World Champ gets first NT win
February 25, 2019 by Bennett Wineka in Coverage, Recap with 0 comments
Ultiworld Disc Golf’s coverage of the 2019 Las Vegas Challenge is presented by Innova Discs; all opinions are those of the authors.
You couldn’t have scripted the final day of the season’s first PDGA National Tour event any better. The Open Women’s division had seen good performances over three days at Wildhorse Golf Club, but no player had done enough to pull away. With the weather clear, a return to the Innova Course — where no score dipped below par Friday — had an entire field ready for redemption and a run at the title.
Catrina Allen had taken control of the lead on day two on the same layout. She’d watched her lead grow to four with Paige Bjerkaas, Jennifer Allen, and Eveliina Salonen all tied in second going into Sunday. Where Catrina Allen had been able to avoid trouble almost all weekend, she quickly found it during the finals.
For the six-hole stretch between holes 5-10, Allen picked up six hazard strokes and four bogeys to zero birdies. She actually had not been able to find a birdie all day. Allen, who had been getting off the tee well the preceding rounds, was only in Circle 1 in regulation once through 12 holes. After tapping out on hole 10, Allen was down to 1-under par total. She’d be fine if the rest of the field was playing how they had during round two,
Unfortunately, the potent combination of adrenaline and scoring conditions had FPO overall playing well.
On the lead card with Allen, Bjerkaas had found her putting strokes that eluded her earlier in the week. Birdies on holes 3 and 5, with Allen’s bogey streak, saw Bjerkaas tied for the lead by hole 7. Back-to-back birds on holes 9 and 10 included a Circle 2 connection and Bjerkaas was now three throws ahead of Allen at 4-under par total and just the back nine to play.
Meanwhile, another challenger had also appeared. Jessica Weese was playing strong golf on the chase card and usurped Allen to take over second place by a stroke. And now lurking from even further back, Vanessa Van Dyken was 5-under par through 10 holes and back to even overall. The podium and top spot were all wide open.
“I just let my body do its thing with the putts and they just found its way to the baskets,” Van Dyken said after the round.
Holes 11-15 were again difficult for the women to score on, but only Weese fell off the pace after picking up two bogeys. Just as it looked like Bjerkaas may be able to walk things in, her putting yips appeared to return.
Having played the 765-foot par 4 hole 16 for par, Bjerkaas was left with an uphill, inside the circle putt for her four. With a slight straddle out, Bjerkaas air-balled the attempt to leave her with a 20-foot comebacker for bogey. This all happened right after Allen stuck a Circle 2 putt with authority for a birdie. Bjerkaas was able to clean up, but the lead was down to one and danger still loomed on the tricky hole 18.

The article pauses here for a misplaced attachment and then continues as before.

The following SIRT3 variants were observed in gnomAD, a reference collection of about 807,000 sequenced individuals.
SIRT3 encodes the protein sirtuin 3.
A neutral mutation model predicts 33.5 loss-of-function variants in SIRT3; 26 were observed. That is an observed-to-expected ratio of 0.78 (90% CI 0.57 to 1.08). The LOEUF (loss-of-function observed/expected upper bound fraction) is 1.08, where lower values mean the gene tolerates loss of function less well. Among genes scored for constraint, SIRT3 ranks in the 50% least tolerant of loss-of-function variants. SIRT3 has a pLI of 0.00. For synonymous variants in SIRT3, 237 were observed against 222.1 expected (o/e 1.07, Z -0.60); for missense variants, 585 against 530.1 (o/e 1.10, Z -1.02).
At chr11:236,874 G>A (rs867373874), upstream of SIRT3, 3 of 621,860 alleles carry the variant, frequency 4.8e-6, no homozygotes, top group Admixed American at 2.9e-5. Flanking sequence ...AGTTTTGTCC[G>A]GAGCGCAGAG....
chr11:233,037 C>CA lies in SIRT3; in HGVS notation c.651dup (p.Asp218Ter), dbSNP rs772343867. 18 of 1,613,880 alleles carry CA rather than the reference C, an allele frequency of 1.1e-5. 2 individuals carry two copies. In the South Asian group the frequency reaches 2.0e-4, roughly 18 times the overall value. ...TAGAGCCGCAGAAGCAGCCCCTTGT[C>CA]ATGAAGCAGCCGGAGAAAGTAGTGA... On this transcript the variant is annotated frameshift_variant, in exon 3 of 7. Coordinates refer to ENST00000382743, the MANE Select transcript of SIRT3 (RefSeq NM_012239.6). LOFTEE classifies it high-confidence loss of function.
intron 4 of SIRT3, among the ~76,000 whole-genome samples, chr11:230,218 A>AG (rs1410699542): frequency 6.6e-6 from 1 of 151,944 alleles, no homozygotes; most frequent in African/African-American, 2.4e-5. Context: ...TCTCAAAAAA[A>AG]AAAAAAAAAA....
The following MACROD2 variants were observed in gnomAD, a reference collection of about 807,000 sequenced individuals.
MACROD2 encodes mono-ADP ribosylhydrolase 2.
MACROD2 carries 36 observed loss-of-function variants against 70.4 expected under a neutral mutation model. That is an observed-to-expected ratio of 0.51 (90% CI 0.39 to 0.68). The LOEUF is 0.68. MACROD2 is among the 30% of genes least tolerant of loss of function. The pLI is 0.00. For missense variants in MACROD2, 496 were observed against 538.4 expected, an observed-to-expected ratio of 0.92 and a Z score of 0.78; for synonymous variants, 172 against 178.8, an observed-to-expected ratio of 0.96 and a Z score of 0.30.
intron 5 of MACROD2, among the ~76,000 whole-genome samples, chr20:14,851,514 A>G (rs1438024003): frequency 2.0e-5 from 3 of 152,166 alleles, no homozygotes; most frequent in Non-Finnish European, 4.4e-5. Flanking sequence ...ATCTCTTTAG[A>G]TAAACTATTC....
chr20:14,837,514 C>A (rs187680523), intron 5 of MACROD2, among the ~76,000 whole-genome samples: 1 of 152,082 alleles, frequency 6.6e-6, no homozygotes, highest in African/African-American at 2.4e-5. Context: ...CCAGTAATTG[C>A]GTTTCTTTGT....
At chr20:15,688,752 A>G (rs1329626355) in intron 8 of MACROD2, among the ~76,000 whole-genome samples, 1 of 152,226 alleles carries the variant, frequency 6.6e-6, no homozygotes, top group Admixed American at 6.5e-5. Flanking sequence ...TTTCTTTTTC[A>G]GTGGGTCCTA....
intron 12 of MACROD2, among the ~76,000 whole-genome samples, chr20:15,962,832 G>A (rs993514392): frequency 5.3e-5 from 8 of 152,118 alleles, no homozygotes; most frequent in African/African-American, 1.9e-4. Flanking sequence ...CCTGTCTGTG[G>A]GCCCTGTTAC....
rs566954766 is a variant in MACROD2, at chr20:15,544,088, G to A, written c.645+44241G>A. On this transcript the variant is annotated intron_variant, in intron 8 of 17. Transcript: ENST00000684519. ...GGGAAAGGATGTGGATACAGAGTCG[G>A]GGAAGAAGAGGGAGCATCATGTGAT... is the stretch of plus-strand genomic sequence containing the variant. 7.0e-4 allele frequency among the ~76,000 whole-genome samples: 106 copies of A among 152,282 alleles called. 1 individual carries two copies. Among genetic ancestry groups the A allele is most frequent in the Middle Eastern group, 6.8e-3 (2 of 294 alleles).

Pars for both on hole 17 kept the margin going into the finisher. Neither women flinched as they worked their ways up the fairway, looking to walk away with the par. At this point, MPO’s Zach Melton was caddying for Bjerkaas, and let the PDGA livestream know she was unaware of the score. Trying to settle her disc into the bowl the pin sat in, Bjerkaas short armed her third shot into one of the “guardian” ridges and left it about 30 feet short. Allen calmly pitched her shot to the base of the basket for an easy tap-in par.
“I’ve been struggling with that distance. It’s not that hard, I think just the pressure and all the thoughts and emotions, ‘blah,'” said Bjerkaas.
Bjerkaas walked off her putt — not even a tester, but a true examination of her skill — and proceeded back to her lie. The stroke looked clean, and the Judge found metal. However, it was the unforgiving band atop the target. We were going to a sudden death playoff with the score tied at 2-under par 240 total.
The two women tallied scores and moved back to hole 1 to start the extra holes. Bjerkaas had the better round, a 1-under par 60, but Allen retained the momentum.
Both players had gotten pars on the 393-foot par 3 to start the day, and both players were off the tee without trouble in the playoff — Allen in the fairway short left, and Bjerkaas a little ways ahead in Circle 2.
Allen gave the basket a quasi-run but had a bit too much distance between her and the chains to really scare it. Bjerkaas was about 40 feet away and looking directly at it. She stepped her putt off again, confirmed with Allen that she was outside Circle 1, and lined the putt up.
Bjerkaas committed full body to the uphill jump-putt and was chasing the disc down while it was still in flight. She knew it was good. Bjerkass canned the putt to take home her first National Tour victory.
“I’ll still get nervous. I’ll still think, ‘Will I ever be a Cat, a Paige, a Hokom, a Val,'” Bjerkaas said on taking any confidence forward. “It will still be in my mind for a long time.
“I had some bad shot, bad putts this tournament and still won. So I have to be ok with making mistakes and knowing I don’t have to play perfect to win.”
Allen finished second, with Van Dyken working her way onto the podium with a 1001-rated, 5-under par 56 final round to finish even par 242 total. Jennifer Allen and Jessica Weese tied for fourth at 1-over par 243 total.